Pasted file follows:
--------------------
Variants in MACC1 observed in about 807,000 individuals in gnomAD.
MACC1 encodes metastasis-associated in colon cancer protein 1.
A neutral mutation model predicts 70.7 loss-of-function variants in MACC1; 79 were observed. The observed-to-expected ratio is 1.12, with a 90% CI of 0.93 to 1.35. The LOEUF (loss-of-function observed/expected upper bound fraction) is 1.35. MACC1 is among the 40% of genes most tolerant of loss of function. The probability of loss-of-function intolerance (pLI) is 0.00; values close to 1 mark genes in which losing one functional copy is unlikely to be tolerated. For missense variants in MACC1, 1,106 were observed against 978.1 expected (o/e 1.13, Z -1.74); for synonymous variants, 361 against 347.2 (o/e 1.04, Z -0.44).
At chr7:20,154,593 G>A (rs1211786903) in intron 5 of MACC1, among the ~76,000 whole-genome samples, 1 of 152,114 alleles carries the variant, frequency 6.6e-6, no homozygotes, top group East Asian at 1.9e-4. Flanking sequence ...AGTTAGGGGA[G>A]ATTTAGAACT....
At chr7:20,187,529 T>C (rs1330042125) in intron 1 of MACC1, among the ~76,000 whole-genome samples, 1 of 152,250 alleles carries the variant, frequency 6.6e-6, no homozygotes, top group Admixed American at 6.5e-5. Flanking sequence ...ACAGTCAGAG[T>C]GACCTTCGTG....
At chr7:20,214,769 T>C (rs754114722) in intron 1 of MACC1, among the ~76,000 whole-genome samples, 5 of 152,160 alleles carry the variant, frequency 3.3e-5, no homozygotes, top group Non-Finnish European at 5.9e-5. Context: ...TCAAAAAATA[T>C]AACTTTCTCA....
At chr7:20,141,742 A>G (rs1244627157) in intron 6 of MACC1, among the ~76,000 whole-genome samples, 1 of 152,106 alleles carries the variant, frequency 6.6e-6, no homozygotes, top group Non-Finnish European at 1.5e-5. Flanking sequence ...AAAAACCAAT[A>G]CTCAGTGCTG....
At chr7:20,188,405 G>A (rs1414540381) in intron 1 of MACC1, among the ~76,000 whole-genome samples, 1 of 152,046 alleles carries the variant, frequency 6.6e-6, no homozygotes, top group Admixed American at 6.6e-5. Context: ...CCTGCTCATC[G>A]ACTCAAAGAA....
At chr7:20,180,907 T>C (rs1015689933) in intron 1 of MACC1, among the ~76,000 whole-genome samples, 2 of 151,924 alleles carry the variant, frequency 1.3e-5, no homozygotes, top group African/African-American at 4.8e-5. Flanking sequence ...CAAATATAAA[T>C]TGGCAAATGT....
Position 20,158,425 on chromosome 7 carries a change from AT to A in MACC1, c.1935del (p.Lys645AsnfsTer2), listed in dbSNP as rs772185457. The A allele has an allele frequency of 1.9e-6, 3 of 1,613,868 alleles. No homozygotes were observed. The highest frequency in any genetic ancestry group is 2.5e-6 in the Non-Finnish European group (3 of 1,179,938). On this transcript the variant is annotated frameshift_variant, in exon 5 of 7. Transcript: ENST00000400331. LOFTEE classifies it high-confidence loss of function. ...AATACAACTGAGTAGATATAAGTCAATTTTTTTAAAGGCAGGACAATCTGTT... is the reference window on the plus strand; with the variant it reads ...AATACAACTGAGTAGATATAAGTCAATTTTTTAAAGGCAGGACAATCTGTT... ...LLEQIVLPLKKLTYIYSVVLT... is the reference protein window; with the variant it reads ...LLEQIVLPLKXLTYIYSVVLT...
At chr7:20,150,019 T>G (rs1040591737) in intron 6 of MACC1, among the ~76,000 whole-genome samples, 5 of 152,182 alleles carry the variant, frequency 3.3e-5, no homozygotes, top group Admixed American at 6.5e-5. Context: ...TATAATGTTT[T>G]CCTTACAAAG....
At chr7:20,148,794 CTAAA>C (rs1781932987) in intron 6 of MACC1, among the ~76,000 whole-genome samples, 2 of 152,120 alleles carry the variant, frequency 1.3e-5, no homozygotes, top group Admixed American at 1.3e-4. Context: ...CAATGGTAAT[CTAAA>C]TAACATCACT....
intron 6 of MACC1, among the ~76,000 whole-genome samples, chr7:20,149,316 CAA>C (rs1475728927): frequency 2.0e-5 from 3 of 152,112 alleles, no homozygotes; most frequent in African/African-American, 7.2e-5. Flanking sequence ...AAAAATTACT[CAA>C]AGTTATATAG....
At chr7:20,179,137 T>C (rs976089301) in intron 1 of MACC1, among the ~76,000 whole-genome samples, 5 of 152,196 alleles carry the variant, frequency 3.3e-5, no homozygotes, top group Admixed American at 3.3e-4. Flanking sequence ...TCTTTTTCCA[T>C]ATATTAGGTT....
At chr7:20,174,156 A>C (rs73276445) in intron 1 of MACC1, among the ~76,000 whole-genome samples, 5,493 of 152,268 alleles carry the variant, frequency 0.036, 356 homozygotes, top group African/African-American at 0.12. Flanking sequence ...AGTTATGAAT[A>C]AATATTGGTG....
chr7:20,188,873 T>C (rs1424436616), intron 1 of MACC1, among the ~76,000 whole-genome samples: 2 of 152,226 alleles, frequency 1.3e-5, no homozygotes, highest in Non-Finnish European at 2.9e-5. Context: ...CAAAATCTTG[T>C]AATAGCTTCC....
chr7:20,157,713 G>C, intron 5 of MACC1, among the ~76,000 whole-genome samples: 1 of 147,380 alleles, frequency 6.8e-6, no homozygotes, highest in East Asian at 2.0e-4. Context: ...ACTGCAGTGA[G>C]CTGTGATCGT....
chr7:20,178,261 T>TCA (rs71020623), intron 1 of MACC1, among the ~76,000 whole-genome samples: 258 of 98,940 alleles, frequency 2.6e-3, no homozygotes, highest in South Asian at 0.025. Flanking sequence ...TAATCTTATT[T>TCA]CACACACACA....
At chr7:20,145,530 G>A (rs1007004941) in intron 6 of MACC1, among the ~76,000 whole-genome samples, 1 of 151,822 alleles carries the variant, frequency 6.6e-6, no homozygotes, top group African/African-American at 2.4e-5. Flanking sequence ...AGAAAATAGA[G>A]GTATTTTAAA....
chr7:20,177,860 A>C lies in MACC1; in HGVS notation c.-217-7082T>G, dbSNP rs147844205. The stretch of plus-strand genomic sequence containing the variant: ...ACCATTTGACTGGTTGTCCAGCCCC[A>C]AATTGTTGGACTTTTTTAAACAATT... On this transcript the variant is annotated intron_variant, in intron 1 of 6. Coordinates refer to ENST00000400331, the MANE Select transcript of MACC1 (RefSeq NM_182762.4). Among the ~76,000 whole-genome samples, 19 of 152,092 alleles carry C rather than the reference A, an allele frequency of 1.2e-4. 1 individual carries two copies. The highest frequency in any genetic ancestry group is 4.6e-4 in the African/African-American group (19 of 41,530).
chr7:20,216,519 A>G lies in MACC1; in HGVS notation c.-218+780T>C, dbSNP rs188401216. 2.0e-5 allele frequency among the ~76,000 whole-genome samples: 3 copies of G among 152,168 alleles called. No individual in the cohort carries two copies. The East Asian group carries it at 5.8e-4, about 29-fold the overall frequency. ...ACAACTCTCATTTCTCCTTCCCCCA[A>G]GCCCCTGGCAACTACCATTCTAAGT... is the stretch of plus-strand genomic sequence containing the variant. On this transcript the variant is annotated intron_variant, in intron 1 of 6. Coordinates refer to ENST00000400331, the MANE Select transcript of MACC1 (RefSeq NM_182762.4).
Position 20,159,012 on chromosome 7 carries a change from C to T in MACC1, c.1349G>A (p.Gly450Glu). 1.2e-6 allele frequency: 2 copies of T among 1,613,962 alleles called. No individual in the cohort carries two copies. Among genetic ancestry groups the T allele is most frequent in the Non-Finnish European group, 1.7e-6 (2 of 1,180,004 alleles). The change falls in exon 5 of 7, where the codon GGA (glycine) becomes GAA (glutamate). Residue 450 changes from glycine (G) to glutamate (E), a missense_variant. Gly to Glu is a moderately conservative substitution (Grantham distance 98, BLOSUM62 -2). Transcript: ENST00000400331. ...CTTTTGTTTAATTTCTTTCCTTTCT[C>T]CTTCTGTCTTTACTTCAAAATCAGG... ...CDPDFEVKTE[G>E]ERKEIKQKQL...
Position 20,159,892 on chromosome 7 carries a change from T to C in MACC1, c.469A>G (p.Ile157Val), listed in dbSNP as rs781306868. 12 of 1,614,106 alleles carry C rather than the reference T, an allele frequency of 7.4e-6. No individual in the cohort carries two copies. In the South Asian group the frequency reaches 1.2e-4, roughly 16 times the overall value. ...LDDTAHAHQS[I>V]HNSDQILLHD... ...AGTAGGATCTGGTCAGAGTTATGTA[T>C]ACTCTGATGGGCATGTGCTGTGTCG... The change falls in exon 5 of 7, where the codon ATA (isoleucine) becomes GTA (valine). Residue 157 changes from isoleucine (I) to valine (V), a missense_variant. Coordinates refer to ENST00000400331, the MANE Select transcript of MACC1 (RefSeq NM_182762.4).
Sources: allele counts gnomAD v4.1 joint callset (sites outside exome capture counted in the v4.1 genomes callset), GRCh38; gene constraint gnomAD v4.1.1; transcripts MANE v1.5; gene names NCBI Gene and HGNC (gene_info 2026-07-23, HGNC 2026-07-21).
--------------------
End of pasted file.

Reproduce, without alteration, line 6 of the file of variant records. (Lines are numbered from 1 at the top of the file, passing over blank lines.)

At chr7:20,214,769 T>C (rs754114722) in intron 1 of MACC1, among the ~76,000 whole-genome samples, 5 of 152,160 alleles carry the variant, frequency 3.3e-5, no homozygotes, top group Non-Finnish European at 5.9e-5. Context: ...TCAAAAAATA[T>C]AACTTTCTCA....